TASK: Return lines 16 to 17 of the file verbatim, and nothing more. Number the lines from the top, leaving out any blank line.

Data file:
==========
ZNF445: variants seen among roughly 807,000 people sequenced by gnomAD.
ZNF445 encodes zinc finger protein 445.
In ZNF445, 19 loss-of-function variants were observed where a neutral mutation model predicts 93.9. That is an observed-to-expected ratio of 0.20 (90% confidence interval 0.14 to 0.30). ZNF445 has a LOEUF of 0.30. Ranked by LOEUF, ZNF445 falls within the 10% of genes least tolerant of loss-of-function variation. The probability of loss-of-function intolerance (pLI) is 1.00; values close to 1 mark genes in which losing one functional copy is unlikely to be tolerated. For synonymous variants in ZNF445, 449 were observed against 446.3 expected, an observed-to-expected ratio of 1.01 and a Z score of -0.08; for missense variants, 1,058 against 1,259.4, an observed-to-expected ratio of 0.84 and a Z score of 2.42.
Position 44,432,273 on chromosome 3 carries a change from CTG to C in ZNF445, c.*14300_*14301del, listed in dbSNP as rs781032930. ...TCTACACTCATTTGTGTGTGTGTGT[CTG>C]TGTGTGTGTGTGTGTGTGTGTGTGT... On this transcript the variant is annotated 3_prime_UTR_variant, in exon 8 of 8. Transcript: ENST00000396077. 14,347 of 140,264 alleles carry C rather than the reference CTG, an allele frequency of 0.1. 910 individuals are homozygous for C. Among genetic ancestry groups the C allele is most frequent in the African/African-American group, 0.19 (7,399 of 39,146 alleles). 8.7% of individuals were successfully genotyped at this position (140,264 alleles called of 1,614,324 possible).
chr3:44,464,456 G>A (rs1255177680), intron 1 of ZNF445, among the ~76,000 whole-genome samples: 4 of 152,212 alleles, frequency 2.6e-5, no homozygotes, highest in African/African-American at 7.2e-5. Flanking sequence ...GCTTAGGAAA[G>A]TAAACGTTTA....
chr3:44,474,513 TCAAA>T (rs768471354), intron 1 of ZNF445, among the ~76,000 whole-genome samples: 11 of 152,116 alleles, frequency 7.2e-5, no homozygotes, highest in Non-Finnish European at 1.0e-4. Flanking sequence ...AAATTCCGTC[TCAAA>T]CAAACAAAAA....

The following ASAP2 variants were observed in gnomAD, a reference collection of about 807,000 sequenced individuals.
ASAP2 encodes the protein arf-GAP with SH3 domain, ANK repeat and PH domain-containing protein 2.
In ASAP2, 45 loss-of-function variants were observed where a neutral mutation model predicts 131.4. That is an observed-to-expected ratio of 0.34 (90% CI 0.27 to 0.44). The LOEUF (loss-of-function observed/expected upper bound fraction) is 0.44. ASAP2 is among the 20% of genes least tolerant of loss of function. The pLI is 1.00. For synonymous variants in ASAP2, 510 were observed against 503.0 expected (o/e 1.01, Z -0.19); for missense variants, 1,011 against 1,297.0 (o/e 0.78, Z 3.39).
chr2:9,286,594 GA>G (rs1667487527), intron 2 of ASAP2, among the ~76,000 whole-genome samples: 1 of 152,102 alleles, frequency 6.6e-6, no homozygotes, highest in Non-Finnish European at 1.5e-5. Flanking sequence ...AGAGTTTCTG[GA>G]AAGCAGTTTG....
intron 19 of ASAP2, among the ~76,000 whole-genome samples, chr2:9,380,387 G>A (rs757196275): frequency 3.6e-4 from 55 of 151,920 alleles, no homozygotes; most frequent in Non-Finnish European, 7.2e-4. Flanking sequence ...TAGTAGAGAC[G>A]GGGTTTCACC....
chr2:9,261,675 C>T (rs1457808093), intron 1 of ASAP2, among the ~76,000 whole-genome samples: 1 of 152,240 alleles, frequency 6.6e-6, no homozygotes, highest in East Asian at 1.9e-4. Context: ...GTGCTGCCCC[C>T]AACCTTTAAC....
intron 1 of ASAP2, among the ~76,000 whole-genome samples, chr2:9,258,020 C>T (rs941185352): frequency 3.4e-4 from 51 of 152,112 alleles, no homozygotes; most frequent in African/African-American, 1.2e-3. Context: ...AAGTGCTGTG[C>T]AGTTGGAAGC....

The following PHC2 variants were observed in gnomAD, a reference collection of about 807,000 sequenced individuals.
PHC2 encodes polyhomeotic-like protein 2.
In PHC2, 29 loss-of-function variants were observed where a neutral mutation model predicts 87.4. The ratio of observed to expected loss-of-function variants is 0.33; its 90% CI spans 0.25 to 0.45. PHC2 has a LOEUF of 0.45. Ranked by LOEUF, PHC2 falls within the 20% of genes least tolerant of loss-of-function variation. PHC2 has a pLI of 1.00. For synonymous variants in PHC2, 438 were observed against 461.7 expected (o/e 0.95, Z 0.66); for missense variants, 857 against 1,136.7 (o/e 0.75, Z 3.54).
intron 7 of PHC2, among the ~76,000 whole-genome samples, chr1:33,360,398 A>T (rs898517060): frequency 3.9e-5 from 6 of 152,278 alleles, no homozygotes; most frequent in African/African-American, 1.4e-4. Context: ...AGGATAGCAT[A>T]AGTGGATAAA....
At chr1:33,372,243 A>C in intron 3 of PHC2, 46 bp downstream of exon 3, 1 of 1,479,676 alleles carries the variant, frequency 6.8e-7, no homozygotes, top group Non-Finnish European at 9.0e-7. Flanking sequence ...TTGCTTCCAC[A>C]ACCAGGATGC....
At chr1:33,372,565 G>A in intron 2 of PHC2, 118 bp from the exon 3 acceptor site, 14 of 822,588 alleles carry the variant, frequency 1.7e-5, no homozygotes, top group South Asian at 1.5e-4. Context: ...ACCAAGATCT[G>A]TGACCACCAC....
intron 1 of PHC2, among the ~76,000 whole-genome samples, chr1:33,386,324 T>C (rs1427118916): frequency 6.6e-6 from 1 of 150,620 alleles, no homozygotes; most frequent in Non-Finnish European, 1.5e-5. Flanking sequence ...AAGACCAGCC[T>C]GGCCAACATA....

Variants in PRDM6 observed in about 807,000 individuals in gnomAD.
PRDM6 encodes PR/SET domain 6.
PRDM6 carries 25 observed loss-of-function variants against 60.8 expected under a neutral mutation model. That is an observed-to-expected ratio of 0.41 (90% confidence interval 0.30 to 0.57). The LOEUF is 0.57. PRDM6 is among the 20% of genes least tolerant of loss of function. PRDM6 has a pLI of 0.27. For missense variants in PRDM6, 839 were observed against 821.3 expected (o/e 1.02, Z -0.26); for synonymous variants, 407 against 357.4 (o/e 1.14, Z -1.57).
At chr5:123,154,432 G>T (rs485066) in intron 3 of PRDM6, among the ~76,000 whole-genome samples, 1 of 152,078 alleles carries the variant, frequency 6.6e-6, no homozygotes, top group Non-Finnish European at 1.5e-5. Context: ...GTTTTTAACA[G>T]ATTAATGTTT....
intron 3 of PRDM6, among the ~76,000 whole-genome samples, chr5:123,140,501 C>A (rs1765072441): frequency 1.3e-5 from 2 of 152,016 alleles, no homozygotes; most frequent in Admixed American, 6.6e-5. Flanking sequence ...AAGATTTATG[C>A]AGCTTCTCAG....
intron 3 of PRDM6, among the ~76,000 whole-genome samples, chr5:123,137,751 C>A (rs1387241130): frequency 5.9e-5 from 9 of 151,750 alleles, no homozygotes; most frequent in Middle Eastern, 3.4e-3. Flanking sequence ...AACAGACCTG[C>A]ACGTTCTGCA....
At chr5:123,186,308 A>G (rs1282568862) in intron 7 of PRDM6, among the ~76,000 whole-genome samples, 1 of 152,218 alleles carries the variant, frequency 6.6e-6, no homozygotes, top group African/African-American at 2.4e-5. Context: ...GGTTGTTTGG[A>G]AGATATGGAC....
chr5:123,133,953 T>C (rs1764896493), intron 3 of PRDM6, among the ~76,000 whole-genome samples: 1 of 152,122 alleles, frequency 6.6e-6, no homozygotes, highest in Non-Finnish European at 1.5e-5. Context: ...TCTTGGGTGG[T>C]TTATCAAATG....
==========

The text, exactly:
In PHC2, 29 loss-of-function variants were observed where a neutral mutation model predicts 87.4. The ratio of observed to expected loss-of-function variants is 0.33; its 90% CI spans 0.25 to 0.45. PHC2 has a LOEUF of 0.45. Ranked by LOEUF, PHC2 falls within the 20% of genes least tolerant of loss-of-function variation. PHC2 has a pLI of 1.00. For synonymous variants in PHC2, 438 were observed against 461.7 expected (o/e 0.95, Z 0.66); for missense variants, 857 against 1,136.7 (o/e 0.75, Z 3.54).
intron 7 of PHC2, among the ~76,000 whole-genome samples, chr1:33,360,398 A>T (rs898517060): frequency 3.9e-5 from 6 of 152,278 alleles, no homozygotes; most frequent in African/African-American, 1.4e-4. Context: ...AGGATAGCAT[A>T]AGTGGATAAA....